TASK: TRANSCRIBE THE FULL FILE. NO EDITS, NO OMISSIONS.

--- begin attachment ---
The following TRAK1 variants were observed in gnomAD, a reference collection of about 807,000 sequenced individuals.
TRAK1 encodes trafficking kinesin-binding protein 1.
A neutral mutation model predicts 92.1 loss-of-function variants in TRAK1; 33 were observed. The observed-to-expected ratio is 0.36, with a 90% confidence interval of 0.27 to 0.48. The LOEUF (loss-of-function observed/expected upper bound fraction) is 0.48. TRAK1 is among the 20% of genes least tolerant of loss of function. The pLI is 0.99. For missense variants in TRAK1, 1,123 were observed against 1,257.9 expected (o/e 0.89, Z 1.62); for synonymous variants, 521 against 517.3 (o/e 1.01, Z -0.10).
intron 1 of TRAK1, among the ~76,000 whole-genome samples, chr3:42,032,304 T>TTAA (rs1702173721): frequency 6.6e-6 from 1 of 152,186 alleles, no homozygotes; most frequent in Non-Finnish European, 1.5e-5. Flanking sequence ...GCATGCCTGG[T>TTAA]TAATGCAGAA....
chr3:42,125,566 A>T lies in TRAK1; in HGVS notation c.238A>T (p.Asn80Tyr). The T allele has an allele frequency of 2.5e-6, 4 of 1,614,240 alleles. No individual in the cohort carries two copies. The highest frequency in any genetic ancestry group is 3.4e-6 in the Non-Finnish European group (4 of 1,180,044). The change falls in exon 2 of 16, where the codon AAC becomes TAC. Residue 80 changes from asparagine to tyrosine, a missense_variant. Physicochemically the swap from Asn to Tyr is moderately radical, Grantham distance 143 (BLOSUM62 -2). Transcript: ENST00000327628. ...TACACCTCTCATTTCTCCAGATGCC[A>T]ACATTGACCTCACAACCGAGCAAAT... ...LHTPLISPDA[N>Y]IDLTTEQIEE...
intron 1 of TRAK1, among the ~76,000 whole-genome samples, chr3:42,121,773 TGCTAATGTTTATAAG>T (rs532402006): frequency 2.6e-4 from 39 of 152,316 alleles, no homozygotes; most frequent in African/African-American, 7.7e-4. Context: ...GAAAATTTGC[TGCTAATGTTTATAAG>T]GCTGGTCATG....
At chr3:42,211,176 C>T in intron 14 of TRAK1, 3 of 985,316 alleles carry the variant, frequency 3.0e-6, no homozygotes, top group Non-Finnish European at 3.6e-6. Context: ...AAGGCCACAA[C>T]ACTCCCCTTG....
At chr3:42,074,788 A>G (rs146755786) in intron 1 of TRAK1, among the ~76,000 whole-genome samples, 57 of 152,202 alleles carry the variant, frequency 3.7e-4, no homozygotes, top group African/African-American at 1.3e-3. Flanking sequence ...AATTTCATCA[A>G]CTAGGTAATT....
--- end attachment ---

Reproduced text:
The following TRAK1 variants were observed in gnomAD, a reference collection of about 807,000 sequenced individuals.
TRAK1 encodes trafficking kinesin-binding protein 1.
A neutral mutation model predicts 92.1 loss-of-function variants in TRAK1; 33 were observed. The observed-to-expected ratio is 0.36, with a 90% confidence interval of 0.27 to 0.48. The LOEUF (loss-of-function observed/expected upper bound fraction) is 0.48. TRAK1 is among the 20% of genes least tolerant of loss of function. The pLI is 0.99. For missense variants in TRAK1, 1,123 were observed against 1,257.9 expected (o/e 0.89, Z 1.62); for synonymous variants, 521 against 517.3 (o/e 1.01, Z -0.10).
intron 1 of TRAK1, among the ~76,000 whole-genome samples, chr3:42,032,304 T>TTAA (rs1702173721): frequency 6.6e-6 from 1 of 152,186 alleles, no homozygotes; most frequent in Non-Finnish European, 1.5e-5. Flanking sequence ...GCATGCCTGG[T>TTAA]TAATGCAGAA....
chr3:42,125,566 A>T lies in TRAK1; in HGVS notation c.238A>T (p.Asn80Tyr). The T allele has an allele frequency of 2.5e-6, 4 of 1,614,240 alleles. No individual in the cohort carries two copies. The highest frequency in any genetic ancestry group is 3.4e-6 in the Non-Finnish European group (4 of 1,180,044). The change falls in exon 2 of 16, where the codon AAC becomes TAC. Residue 80 changes from asparagine to tyrosine, a missense_variant. Physicochemically the swap from Asn to Tyr is moderately radical, Grantham distance 143 (BLOSUM62 -2). Transcript: ENST00000327628. ...TACACCTCTCATTTCTCCAGATGCC[A>T]ACATTGACCTCACAACCGAGCAAAT... ...LHTPLISPDA[N>Y]IDLTTEQIEE...
intron 1 of TRAK1, among the ~76,000 whole-genome samples, chr3:42,121,773 TGCTAATGTTTATAAG>T (rs532402006): frequency 2.6e-4 from 39 of 152,316 alleles, no homozygotes; most frequent in African/African-American, 7.7e-4. Context: ...GAAAATTTGC[TGCTAATGTTTATAAG>T]GCTGGTCATG....
At chr3:42,211,176 C>T in intron 14 of TRAK1, 3 of 985,316 alleles carry the variant, frequency 3.0e-6, no homozygotes, top group Non-Finnish European at 3.6e-6. Context: ...AAGGCCACAA[C>T]ACTCCCCTTG....
At chr3:42,074,788 A>G (rs146755786) in intron 1 of TRAK1, among the ~76,000 whole-genome samples, 57 of 152,202 alleles carry the variant, frequency 3.7e-4, no homozygotes, top group African/African-American at 1.3e-3. Flanking sequence ...AATTTCATCA[A>G]CTAGGTAATT....